Where Is Eucharist Celebrated?

ImageMy priest friend and I were finishing a hiking tour in Austria and spent our last days in London.  We saw a Broadway show on Saturday night and then Sunday morning arrived. 

We walked to St. Martin in the Fields square complete with pigeons, a coffee shop and an old Episcopal Church.  We enjoy our morning coffee and he tells me that he looked online for Catholic Churches in the area and found one nearby whose Mass would begin in thirty minutes.  I look at him as if to say, “And your point is?”  He said that I was welcome to join him but that he was going.  I said, “Just look where you are and you want to go to church?”  Well, he left for his church and I was alone; or was I?

10:00 a.m. on a Sunday morning, St. Martins in the Field (where Neville Marriner has recorded more classical music than Andrew Greely characters), the pigeons fly and flop around the fountain as more people gather, I’m holding the London Times and a cup of coffee along with a nearby ashtray.  It slowly begins a misty rain (the Irish call it a “soft rain”) and I wonder if I should go inside.  I think to myself, “I’m from Milwaukee, Wisconsin; I’m not going anywhere!”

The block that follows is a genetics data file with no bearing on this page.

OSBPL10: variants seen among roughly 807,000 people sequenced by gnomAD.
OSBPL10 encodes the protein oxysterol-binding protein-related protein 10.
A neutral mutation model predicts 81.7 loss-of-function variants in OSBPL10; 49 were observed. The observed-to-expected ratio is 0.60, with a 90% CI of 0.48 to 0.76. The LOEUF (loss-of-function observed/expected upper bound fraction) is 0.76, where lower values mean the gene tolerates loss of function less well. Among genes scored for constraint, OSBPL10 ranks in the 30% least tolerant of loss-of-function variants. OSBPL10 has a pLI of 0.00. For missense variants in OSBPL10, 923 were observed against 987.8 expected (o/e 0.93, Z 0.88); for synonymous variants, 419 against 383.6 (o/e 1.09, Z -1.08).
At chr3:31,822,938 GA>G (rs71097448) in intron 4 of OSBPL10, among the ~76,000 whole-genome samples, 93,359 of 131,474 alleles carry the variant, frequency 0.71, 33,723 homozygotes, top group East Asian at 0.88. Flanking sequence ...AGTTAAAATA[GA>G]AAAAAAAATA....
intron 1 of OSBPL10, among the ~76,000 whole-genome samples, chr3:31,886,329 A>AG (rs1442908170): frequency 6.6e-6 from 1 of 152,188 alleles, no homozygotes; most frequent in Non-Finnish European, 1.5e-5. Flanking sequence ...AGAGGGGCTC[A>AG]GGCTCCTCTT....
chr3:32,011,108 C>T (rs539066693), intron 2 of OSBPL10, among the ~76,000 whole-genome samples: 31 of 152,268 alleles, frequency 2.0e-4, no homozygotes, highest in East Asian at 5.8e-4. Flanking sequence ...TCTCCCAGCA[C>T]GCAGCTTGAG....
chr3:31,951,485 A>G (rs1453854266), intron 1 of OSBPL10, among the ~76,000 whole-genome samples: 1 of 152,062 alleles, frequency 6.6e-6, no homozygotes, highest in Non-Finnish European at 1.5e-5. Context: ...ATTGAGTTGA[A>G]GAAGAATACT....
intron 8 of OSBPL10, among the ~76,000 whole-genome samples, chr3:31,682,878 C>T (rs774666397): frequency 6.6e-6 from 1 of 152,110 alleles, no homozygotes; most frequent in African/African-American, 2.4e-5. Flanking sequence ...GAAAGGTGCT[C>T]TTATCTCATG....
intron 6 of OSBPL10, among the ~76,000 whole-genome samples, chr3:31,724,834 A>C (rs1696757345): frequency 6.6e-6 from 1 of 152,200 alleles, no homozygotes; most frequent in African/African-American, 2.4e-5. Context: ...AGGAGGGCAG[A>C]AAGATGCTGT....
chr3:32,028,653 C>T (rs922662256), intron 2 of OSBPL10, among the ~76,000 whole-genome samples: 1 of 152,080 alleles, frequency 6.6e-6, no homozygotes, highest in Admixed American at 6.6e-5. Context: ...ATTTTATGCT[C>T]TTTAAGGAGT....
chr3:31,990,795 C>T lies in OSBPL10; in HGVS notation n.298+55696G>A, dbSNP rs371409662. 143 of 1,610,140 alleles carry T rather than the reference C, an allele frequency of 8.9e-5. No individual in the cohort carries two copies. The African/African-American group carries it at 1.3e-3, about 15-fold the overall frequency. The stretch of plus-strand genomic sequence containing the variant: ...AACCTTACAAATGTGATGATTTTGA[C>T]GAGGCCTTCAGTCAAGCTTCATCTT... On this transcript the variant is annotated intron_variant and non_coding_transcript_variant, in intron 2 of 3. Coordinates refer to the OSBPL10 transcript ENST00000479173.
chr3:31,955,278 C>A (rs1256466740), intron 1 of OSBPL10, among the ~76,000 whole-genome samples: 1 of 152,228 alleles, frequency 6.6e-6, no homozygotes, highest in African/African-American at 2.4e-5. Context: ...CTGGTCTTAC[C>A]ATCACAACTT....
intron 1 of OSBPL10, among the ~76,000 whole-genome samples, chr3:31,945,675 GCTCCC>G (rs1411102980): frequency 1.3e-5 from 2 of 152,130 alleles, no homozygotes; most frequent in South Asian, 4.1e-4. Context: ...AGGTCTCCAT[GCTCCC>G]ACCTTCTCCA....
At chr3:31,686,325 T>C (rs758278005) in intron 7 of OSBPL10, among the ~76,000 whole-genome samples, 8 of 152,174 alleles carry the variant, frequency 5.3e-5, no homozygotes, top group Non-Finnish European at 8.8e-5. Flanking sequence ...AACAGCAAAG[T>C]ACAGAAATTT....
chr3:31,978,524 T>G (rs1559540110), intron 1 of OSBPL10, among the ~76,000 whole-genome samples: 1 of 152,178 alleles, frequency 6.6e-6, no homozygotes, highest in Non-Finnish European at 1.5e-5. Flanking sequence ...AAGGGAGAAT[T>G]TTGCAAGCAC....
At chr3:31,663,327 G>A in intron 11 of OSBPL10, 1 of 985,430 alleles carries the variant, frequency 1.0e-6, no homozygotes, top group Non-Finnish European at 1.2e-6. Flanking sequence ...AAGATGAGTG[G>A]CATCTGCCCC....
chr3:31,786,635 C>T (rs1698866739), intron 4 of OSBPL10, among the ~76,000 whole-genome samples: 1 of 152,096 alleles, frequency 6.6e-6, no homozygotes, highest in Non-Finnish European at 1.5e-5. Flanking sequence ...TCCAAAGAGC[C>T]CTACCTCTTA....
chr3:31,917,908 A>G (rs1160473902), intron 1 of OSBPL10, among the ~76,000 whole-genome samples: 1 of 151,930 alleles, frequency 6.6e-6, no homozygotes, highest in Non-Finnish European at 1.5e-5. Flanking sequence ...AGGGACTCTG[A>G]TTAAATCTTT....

The rain moistens my newly unread newspaper but soon leaves as softly as it arrived.  The people continue to gather, the pigeons do what pigeons do and I’m on the steps of an ancient Episcopal Church with my coffee and a cigarette pondering the meaning of life that I’ve pondered for decades now with little comforting results. 

The pondering stops and I think to myself, “Wow.”  Just that.  It reads the same backwards as forward.  I just think, “Wow.” 

My priest friend returns after fulfilling his Catholic obligation and told me that the sermon was long and boring.

About Rev. Joe Jagodensky, SDS.

A Roman Catholic priest since 1980 and a member of the Society of the Divine Savior (Salvatorians). www.Salvatorians.com. Six books on the Catholic church and U.S. culture are available on Amazon.com.
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